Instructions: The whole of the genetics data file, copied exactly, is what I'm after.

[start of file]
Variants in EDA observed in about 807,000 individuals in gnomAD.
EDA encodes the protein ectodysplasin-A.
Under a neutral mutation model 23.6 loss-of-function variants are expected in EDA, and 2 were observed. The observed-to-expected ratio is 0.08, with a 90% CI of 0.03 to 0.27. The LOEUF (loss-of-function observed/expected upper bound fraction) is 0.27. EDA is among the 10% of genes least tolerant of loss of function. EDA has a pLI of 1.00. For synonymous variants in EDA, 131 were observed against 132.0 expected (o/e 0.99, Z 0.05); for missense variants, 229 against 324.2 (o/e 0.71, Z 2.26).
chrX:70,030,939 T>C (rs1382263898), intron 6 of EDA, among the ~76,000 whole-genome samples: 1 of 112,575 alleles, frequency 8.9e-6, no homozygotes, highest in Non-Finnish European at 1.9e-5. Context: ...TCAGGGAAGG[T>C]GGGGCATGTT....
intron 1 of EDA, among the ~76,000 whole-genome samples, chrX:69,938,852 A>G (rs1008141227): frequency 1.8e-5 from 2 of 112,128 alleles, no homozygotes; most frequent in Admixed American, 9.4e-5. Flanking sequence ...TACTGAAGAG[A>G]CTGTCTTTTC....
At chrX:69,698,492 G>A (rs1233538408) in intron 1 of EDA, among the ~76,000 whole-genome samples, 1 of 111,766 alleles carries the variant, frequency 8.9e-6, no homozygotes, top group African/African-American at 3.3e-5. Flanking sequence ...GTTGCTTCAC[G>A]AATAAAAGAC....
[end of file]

Variants in EDA observed in about 807,000 individuals in gnomAD.
EDA encodes the protein ectodysplasin-A.
Under a neutral mutation model 23.6 loss-of-function variants are expected in EDA, and 2 were observed. The observed-to-expected ratio is 0.08, with a 90% CI of 0.03 to 0.27. The LOEUF (loss-of-function observed/expected upper bound fraction) is 0.27. EDA is among the 10% of genes least tolerant of loss of function. EDA has a pLI of 1.00. For synonymous variants in EDA, 131 were observed against 132.0 expected (o/e 0.99, Z 0.05); for missense variants, 229 against 324.2 (o/e 0.71, Z 2.26).
chrX:70,030,939 T>C (rs1382263898), intron 6 of EDA, among the ~76,000 whole-genome samples: 1 of 112,575 alleles, frequency 8.9e-6, no homozygotes, highest in Non-Finnish European at 1.9e-5. Context: ...TCAGGGAAGG[T>C]GGGGCATGTT....
intron 1 of EDA, among the ~76,000 whole-genome samples, chrX:69,938,852 A>G (rs1008141227): frequency 1.8e-5 from 2 of 112,128 alleles, no homozygotes; most frequent in Admixed American, 9.4e-5. Flanking sequence ...TACTGAAGAG[A>G]CTGTCTTTTC....
At chrX:69,698,492 G>A (rs1233538408) in intron 1 of EDA, among the ~76,000 whole-genome samples, 1 of 111,766 alleles carries the variant, frequency 8.9e-6, no homozygotes, top group African/African-American at 3.3e-5. Flanking sequence ...GTTGCTTCAC[G>A]AATAAAAGAC....